Celebrating James Watt: 2015-2019
JAMES WATT SYMPOSIUM, BIRMINGHAM UNIVERSITY
On 28/29 July 2016, Birmingham University hosted two stimulating days of knowledge sharing and networking among scholars and heritage professionals and covering everything to do with James Watt, his life and times. There were several talks covering the James Watt workshop at the Science Museum, South Kensington, London; the technological and scientific world experienced by James Watt in Glasgow and Birmingham in the spheres of mechanical engineering, chemistry, medicine, business, industrial patents and natural philosophy; Watt and espionage during the political ferment in the wake of the French Revolution; the papers of the Watt family and the rich seam of insights into 18th century patronage and learning; how Birmingham Museums are celebrating James Watt, his life and times in the bicentenary year of his death; the resources available of the legacy of Watt; the archaeological excavations at the Soho Manufactory in Birmingham of entrepreneur Mattew Boulton and where James Watt built his steam engines in partnership with Matthew Boulton from the 1770s and Watt's steam engine in popular culture.
CELEBRATING JAMES WATT'S BIRTHDAY AND SCOTTISH INNOVATION
The birthday of iconic Scottish innovator James Watt, and 250 years since his invention of the condensing steam engine, were commemorated on the evening of 19th January 2016 at Holyrood.
The reception in the Scottish Parliament celebrated the inspiration of James Watt's story to today's young scientists and entrepreneurs, and the value to local communities of our history and heritage after the Industrial Revolution, which transformed Scotland and the world.
The event was among several held to begin the Scottish Government's Year of Innovation, Architecture and Design 2016 and was organised by the Celebrating James Watt Steering Group and the Friends of Kinneil.
Minister for Young People Aileen Campbell said: "Described as the 'Most useful man that ever lived' James Watt revolutionised industry, radically transforming our ability to harness the full potential of steam power, thereby profoundly influencing the history of industrial development across the globe. In so doing, he has left us with a powerful and lasting legacy and, of course, his name lives on as a unit of power the 'Watt'.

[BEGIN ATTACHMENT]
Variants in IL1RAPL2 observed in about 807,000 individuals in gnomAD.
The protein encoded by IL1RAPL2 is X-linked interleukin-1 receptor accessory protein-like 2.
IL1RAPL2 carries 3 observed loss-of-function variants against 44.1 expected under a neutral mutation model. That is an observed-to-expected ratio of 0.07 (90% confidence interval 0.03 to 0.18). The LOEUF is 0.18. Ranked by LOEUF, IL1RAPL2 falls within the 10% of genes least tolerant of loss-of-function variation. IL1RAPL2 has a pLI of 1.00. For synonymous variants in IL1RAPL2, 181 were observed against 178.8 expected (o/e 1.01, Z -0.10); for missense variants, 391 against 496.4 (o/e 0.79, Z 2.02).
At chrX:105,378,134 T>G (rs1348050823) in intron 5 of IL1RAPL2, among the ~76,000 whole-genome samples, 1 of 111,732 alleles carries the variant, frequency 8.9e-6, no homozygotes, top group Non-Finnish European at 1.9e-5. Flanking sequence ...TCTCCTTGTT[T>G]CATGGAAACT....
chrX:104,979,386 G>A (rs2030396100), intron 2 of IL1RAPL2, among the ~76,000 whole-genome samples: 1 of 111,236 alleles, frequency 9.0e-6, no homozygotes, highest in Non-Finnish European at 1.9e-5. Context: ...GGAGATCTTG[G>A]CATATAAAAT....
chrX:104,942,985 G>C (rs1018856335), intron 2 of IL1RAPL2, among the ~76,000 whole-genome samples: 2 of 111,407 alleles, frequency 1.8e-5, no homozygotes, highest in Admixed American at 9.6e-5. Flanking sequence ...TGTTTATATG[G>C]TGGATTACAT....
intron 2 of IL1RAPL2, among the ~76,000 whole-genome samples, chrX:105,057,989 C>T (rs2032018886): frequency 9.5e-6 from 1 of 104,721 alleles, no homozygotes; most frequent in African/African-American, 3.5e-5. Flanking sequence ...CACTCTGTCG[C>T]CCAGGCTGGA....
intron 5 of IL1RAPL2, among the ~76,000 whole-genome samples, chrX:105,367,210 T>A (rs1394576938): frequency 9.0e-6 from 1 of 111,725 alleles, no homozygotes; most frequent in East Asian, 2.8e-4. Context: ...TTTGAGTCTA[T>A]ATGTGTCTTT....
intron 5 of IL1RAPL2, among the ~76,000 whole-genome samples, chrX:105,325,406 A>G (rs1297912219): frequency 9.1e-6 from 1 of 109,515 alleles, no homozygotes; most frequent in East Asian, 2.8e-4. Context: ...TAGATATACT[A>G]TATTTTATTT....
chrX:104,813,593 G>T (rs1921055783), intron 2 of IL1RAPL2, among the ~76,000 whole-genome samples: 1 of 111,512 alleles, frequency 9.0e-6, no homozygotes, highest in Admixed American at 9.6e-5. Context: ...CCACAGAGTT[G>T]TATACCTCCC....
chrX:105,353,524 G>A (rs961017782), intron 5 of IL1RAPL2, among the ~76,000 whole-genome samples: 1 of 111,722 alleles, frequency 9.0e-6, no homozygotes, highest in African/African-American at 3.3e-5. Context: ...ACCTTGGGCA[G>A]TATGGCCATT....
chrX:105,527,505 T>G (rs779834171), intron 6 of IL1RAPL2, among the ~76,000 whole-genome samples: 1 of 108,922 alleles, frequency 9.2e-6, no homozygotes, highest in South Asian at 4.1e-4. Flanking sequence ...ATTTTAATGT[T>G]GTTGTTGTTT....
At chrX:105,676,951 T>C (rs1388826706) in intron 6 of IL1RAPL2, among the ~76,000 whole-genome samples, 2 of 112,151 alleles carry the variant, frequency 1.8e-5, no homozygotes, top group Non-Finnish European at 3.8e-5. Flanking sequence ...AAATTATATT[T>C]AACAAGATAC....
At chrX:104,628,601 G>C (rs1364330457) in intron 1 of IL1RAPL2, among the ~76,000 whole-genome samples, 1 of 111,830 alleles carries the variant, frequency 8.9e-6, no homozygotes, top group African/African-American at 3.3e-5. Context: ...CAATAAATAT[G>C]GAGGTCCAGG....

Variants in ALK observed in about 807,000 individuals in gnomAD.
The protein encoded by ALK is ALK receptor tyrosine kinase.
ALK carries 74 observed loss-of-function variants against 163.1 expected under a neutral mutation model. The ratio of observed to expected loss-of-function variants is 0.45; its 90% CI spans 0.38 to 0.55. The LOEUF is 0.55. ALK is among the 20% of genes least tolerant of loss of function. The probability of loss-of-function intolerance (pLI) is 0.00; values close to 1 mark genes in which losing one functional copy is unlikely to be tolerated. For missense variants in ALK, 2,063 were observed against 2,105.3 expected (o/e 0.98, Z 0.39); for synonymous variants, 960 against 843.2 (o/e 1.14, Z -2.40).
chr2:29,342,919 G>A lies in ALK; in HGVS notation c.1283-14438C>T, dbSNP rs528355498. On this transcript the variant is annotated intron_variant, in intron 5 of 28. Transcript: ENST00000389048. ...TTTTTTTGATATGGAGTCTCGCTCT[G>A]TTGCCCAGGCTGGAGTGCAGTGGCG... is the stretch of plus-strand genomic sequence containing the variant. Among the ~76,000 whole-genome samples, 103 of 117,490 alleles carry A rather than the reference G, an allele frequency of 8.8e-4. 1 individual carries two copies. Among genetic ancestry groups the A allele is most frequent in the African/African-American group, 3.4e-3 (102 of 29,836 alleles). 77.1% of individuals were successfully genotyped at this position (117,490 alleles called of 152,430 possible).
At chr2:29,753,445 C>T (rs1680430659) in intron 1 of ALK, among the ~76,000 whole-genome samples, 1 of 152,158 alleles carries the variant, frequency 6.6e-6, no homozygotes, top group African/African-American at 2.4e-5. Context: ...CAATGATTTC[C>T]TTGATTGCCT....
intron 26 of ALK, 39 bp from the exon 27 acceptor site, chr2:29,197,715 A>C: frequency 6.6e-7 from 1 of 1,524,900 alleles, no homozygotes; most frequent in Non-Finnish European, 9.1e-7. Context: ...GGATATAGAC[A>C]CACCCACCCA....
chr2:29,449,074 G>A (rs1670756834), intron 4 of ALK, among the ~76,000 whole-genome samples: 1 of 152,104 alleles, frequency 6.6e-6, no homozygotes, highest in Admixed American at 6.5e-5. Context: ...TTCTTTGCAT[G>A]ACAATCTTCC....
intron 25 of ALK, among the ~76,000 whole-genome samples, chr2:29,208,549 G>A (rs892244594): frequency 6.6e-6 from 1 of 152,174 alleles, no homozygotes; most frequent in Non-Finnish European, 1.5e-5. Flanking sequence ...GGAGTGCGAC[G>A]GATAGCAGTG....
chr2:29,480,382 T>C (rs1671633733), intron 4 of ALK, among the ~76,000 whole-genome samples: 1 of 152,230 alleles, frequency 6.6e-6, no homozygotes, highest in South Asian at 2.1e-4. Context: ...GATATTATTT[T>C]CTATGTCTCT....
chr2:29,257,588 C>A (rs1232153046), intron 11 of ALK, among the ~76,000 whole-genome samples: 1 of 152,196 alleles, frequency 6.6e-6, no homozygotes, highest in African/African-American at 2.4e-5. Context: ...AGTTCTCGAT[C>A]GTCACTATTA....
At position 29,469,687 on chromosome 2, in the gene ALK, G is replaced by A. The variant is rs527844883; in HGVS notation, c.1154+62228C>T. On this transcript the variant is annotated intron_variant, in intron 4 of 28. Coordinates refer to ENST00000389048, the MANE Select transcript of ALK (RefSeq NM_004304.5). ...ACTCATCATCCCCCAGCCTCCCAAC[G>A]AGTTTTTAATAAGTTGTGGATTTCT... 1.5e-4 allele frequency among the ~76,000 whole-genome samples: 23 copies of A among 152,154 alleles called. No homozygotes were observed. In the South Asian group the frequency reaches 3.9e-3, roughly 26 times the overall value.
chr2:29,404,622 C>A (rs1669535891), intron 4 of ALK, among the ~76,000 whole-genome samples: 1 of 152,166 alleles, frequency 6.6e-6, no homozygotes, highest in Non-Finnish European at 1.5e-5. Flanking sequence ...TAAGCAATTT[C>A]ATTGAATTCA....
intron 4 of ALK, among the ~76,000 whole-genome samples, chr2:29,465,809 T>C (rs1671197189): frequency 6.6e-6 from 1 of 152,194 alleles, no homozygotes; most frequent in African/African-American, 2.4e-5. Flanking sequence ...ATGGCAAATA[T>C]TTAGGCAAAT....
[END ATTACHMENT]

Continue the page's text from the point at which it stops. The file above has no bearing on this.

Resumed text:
"It is appropriate as we celebrate the 250 years since James Watt revolutionised the future of engineering, that we also celebrate 2016 as the year of Innovation, Architecture and Design - shining a spotlight on Scotland's modern day achievements.
"Our industrial heritage is as much a part of our future as our past and this is in no small way part of Watt's legacy, as we cannot divorce his achievements from the world we live in. James Watt is a remarkable Scot who continues to inspire us today."
Dr David Mitchell, Director of Conservation, Historic Environment Scotland, said: "As 2016 is the year of Innovation, Architecture and Design, it seems fitting that we recognise the achievements of a man who literally changed the world. His improvements to the steam engine provided power for industrial activity which changed society and economics. From mining to brewing and from steam ships to locomotives, Watt's improvement to the steam engine had a global impact which can still be felt today.
"It is 250 years since Watt was creating something remarkable in secret at Kinneil House in Bo'ness and, with the bicentenary of his death in 2019, now is the time to be re-assessing his legacy and ensuring his contribution is marked in a fitting way, so that people in Scotland and across the world, can continue to be inspired by his achievements."
Maria Ford, Chair of the Friends of Kinneil, said: "James Watt first developed his invention with Dr John Roebuck at Kinneil House in Bo'ness. The local coal-mining and early iron-founding industries forged the crucible for his Industrial Revolution.
James Watt's story remains a powerful memory to our community and we believe it still has great resonance and many parallels for the innovators of 2016 and the future."
James Watt was born in Greenock on 19 January 1736, and later worked in Glasgow. He first had the idea for his condensing steam engine - his most famous of many inventions - whilst walking on Glasgow Green in the Spring of 1765.
By January 1766 he had begun to develop it in partnership with the businessman Dr John Roebuck of Kinneil House, Bo'ness, co-founder of the Carron Iron Company. Watt eventually patented the idea in 1769, with Roebuck holding a two-thirds share.
The period 2015-19 marks 250 years since these developments of the separate condenser. 2019 will also be the Bicentenary of James Watt's death in 1819.
The reception in the Scottish Parliament, attended by up to 200 invited guests, was hosted by Angus MacDonald MSP (Falkirk East) and organised by the Celebrating James Watt 2015-19 Steering Group*.
*Partners include: Historic Environment Scotland, The Friends of Kinneil, The University of Glasgow, Heriot-Watt University, National Museums Scotland, Scottish Council for Development & Industry, Scottish Maritime Museum, Institution of Engineers & Shipbuilders in Scotland, Falkirk Community Trust, Inverclyde Council, Scottish Transport & Industry Collections & Knowledge Network (STICK), Scottish Industrial Heritage Society, The Association for Industrial Archaeology, Young Engineers & Science Clubs Scotland.